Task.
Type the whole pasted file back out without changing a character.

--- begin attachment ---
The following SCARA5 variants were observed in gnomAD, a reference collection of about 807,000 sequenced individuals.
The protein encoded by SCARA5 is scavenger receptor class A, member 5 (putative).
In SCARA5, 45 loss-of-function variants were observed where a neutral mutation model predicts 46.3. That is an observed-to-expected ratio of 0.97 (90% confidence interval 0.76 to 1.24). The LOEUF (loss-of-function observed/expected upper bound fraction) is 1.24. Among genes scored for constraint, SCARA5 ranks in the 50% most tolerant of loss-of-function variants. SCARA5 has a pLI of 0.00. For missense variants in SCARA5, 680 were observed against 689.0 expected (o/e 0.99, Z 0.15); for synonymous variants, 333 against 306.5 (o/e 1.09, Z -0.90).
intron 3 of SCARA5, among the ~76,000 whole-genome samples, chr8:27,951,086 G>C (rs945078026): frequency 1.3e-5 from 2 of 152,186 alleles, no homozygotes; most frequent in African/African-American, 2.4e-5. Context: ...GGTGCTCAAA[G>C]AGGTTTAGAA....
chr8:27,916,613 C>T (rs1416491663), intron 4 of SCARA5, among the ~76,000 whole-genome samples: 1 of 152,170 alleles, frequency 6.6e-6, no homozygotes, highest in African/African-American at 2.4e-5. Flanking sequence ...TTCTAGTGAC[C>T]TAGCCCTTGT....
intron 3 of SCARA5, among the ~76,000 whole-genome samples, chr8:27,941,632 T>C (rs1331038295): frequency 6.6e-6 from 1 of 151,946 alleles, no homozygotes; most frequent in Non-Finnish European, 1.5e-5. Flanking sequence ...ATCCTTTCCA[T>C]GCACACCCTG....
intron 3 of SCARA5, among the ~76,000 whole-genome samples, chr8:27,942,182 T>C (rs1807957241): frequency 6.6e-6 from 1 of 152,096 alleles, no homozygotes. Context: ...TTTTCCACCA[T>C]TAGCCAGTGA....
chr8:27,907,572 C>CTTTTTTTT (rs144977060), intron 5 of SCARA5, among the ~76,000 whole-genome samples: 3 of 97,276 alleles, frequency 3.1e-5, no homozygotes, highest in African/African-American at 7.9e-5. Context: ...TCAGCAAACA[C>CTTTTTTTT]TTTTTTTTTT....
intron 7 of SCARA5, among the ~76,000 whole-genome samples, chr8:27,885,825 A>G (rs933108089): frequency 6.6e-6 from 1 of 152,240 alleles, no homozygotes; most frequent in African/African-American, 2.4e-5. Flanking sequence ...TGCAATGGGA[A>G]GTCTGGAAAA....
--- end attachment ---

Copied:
The following SCARA5 variants were observed in gnomAD, a reference collection of about 807,000 sequenced individuals.
The protein encoded by SCARA5 is scavenger receptor class A, member 5 (putative).
In SCARA5, 45 loss-of-function variants were observed where a neutral mutation model predicts 46.3. That is an observed-to-expected ratio of 0.97 (90% confidence interval 0.76 to 1.24). The LOEUF (loss-of-function observed/expected upper bound fraction) is 1.24. Among genes scored for constraint, SCARA5 ranks in the 50% most tolerant of loss-of-function variants. SCARA5 has a pLI of 0.00. For missense variants in SCARA5, 680 were observed against 689.0 expected (o/e 0.99, Z 0.15); for synonymous variants, 333 against 306.5 (o/e 1.09, Z -0.90).
intron 3 of SCARA5, among the ~76,000 whole-genome samples, chr8:27,951,086 G>C (rs945078026): frequency 1.3e-5 from 2 of 152,186 alleles, no homozygotes; most frequent in African/African-American, 2.4e-5. Context: ...GGTGCTCAAA[G>C]AGGTTTAGAA....
chr8:27,916,613 C>T (rs1416491663), intron 4 of SCARA5, among the ~76,000 whole-genome samples: 1 of 152,170 alleles, frequency 6.6e-6, no homozygotes, highest in African/African-American at 2.4e-5. Flanking sequence ...TTCTAGTGAC[C>T]TAGCCCTTGT....
intron 3 of SCARA5, among the ~76,000 whole-genome samples, chr8:27,941,632 T>C (rs1331038295): frequency 6.6e-6 from 1 of 151,946 alleles, no homozygotes; most frequent in Non-Finnish European, 1.5e-5. Flanking sequence ...ATCCTTTCCA[T>C]GCACACCCTG....
intron 3 of SCARA5, among the ~76,000 whole-genome samples, chr8:27,942,182 T>C (rs1807957241): frequency 6.6e-6 from 1 of 152,096 alleles, no homozygotes. Context: ...TTTTCCACCA[T>C]TAGCCAGTGA....
chr8:27,907,572 C>CTTTTTTTT (rs144977060), intron 5 of SCARA5, among the ~76,000 whole-genome samples: 3 of 97,276 alleles, frequency 3.1e-5, no homozygotes, highest in African/African-American at 7.9e-5. Context: ...TCAGCAAACA[C>CTTTTTTTT]TTTTTTTTTT....
intron 7 of SCARA5, among the ~76,000 whole-genome samples, chr8:27,885,825 A>G (rs933108089): frequency 6.6e-6 from 1 of 152,240 alleles, no homozygotes; most frequent in African/African-American, 2.4e-5. Flanking sequence ...TGCAATGGGA[A>G]GTCTGGAAAA....